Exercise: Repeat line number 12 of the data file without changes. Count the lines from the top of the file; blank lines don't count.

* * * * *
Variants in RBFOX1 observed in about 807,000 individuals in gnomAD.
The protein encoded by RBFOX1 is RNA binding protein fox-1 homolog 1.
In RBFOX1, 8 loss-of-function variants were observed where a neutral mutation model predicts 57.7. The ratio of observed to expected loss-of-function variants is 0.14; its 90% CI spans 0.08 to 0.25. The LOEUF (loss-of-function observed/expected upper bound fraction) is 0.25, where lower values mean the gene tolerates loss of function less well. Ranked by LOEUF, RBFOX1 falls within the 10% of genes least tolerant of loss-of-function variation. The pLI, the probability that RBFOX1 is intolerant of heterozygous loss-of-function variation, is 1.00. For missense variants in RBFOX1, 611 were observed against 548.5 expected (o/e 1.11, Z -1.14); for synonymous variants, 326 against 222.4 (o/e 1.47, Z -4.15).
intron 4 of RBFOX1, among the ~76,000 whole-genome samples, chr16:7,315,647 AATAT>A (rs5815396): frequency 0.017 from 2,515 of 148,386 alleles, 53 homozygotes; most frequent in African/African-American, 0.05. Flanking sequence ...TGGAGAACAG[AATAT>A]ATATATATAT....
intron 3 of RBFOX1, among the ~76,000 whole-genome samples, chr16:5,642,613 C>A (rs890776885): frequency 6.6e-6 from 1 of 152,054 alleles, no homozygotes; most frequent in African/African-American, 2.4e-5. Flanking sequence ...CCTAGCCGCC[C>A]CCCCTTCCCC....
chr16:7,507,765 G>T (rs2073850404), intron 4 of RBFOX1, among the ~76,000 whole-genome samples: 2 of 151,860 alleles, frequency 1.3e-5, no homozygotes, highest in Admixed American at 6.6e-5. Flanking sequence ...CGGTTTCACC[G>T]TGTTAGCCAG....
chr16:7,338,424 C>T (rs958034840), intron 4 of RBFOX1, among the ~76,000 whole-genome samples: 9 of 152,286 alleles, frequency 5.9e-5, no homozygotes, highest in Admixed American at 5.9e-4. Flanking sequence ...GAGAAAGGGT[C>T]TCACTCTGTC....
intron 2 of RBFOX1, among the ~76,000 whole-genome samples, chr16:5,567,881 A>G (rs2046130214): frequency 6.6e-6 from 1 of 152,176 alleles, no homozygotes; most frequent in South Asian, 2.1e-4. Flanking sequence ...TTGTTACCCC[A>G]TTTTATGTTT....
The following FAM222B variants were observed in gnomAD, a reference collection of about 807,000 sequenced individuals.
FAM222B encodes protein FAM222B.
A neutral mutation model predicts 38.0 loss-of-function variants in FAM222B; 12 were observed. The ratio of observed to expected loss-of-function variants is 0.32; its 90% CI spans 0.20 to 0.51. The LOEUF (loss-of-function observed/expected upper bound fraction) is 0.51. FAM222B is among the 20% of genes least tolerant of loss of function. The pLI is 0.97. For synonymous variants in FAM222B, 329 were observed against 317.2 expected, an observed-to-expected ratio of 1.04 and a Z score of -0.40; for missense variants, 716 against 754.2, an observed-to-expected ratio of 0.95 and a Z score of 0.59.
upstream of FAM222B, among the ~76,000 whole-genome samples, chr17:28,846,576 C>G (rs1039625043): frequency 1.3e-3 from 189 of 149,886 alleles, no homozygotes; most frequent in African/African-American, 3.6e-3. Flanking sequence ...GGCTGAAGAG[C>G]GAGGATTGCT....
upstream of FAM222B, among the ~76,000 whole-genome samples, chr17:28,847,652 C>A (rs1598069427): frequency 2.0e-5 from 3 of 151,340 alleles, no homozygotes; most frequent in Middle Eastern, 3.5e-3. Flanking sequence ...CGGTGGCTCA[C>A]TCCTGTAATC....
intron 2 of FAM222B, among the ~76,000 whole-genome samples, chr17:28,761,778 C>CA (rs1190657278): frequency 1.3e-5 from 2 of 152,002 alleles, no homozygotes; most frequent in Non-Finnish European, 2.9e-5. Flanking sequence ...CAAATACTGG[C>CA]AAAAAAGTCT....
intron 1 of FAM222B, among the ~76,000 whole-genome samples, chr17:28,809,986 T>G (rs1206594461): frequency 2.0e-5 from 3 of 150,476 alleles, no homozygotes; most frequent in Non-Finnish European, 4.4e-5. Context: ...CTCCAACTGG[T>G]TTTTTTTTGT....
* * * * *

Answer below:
upstream of FAM222B, among the ~76,000 whole-genome samples, chr17:28,846,576 C>G (rs1039625043): frequency 1.3e-3 from 189 of 149,886 alleles, no homozygotes; most frequent in African/African-American, 3.6e-3. Flanking sequence ...GGCTGAAGAG[C>G]GAGGATTGCT....